A report by state-run Radio Iran about the purported death of Islamic State chief Abu Bakr al-Baghdadi created a buzz on social media on Monday though there was no confirmation from any credible source.
Radio Iran reported that al-Baghdadi had “died in an Israeli hospital in the occupied Golan Heights where he had been hospitalised for treatment after sustaining severe injuries during a joint attack of the Iraqi army and popular forces”.
, quoted sources as saying that al-Baghdadi “has been declared by his Israeli physicians and surgeons as to be now ‘clinically dead’”.
The report did not state when al-Baghdadi had died.
The report further said members of IS in Iraq had sworn allegiance to a leader named Abdul Rahman al-Sheijlar alias Abu Ala Afri as Baghdadi's successor.
Radio Iran attributed the information about al-Baghdadi’s purported death to two Iraqi news agencies, Alghad Press and Al-Youm Al-Thamen, and sources in the Iraqi city of Mosul.
The state-run All India Radio (AIR) posted
that quoted Radio Iran.
AIR also tweeted about the development from its official handle.
Leader of the #ISIS terrorist group Abu Bakr al-Baghdadi has died: Radio Iran— All India Radio News (@airnewsalerts) April 27, 2015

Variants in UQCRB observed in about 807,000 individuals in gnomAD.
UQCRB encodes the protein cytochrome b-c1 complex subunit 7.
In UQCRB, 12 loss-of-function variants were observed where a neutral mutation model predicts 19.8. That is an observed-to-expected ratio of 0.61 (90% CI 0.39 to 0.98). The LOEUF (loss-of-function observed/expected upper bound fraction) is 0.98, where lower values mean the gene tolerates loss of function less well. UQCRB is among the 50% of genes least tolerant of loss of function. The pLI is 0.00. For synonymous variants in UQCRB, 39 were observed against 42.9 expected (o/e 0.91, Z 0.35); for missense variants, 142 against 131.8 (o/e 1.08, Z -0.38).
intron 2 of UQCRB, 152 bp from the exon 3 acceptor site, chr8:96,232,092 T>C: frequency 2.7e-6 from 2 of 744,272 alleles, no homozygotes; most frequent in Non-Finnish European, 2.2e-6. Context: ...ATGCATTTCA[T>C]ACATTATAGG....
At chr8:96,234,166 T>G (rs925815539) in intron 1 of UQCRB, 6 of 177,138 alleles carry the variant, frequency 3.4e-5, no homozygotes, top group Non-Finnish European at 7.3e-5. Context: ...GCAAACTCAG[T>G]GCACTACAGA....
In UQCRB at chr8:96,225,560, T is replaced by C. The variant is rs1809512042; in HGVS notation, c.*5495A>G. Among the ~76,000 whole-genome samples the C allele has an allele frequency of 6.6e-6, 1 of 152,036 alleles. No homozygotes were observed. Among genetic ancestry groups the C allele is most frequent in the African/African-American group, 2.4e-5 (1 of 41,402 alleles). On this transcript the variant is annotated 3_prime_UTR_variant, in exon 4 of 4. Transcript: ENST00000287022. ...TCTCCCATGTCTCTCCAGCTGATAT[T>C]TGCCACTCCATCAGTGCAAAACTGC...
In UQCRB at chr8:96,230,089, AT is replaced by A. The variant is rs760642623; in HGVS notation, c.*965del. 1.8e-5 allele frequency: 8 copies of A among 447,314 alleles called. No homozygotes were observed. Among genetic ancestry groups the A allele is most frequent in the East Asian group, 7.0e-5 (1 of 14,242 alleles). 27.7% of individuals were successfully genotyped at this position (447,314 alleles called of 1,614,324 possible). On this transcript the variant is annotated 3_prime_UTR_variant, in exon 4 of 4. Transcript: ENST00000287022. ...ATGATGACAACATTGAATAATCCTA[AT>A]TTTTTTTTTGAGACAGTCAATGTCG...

The Guardian had recently reported that the terrorist leader was targeted in an airstrike in western Iraq, close to the Syria border, on March 18.
Hisham al-Hashimi, an Iraqi official who advises the government in Baghdad on IS, told the Guardian: “Yes, he was wounded in al-Baaj near the village of Umm al-Rous on 18 March with a group that was with him.”
However, the BBC reported there were conflicting reports about the fate of al-Baghdadi. While an Iraqi interior ministry spokesman told the BBC that al-Baghdadi was seriously wounded in a "coalition" air strike, the Pentagon said it had no information on his fate. Reports last year of the terrorist leader being injured were inaccurate.